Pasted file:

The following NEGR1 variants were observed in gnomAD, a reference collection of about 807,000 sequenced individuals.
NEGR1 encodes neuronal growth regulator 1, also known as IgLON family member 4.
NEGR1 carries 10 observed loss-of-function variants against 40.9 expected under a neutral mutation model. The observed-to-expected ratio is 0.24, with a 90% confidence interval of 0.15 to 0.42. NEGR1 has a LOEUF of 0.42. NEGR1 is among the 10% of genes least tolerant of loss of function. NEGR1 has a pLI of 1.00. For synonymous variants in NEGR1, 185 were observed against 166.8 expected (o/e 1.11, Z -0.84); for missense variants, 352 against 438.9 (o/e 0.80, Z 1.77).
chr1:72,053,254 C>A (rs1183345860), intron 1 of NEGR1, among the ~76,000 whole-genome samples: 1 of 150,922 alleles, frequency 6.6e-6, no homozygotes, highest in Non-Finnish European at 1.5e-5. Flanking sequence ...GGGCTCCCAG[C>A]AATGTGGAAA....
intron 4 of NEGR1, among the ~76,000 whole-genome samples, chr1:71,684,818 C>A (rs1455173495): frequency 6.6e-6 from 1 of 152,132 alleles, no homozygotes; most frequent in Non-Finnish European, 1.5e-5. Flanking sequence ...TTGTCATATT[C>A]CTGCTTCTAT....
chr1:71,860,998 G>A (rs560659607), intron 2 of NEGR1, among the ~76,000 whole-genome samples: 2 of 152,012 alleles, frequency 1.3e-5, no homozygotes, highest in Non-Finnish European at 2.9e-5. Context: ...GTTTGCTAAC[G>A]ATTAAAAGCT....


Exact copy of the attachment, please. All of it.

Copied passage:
The following NEGR1 variants were observed in gnomAD, a reference collection of about 807,000 sequenced individuals.
NEGR1 encodes neuronal growth regulator 1, also known as IgLON family member 4.
NEGR1 carries 10 observed loss-of-function variants against 40.9 expected under a neutral mutation model. The observed-to-expected ratio is 0.24, with a 90% confidence interval of 0.15 to 0.42. NEGR1 has a LOEUF of 0.42. NEGR1 is among the 10% of genes least tolerant of loss of function. NEGR1 has a pLI of 1.00. For synonymous variants in NEGR1, 185 were observed against 166.8 expected (o/e 1.11, Z -0.84); for missense variants, 352 against 438.9 (o/e 0.80, Z 1.77).
chr1:72,053,254 C>A (rs1183345860), intron 1 of NEGR1, among the ~76,000 whole-genome samples: 1 of 150,922 alleles, frequency 6.6e-6, no homozygotes, highest in Non-Finnish European at 1.5e-5. Flanking sequence ...GGGCTCCCAG[C>A]AATGTGGAAA....
intron 4 of NEGR1, among the ~76,000 whole-genome samples, chr1:71,684,818 C>A (rs1455173495): frequency 6.6e-6 from 1 of 152,132 alleles, no homozygotes; most frequent in Non-Finnish European, 1.5e-5. Flanking sequence ...TTGTCATATT[C>A]CTGCTTCTAT....
chr1:71,860,998 G>A (rs560659607), intron 2 of NEGR1, among the ~76,000 whole-genome samples: 2 of 152,012 alleles, frequency 1.3e-5, no homozygotes, highest in Non-Finnish European at 2.9e-5. Context: ...GTTTGCTAAC[G>A]ATTAAAAGCT....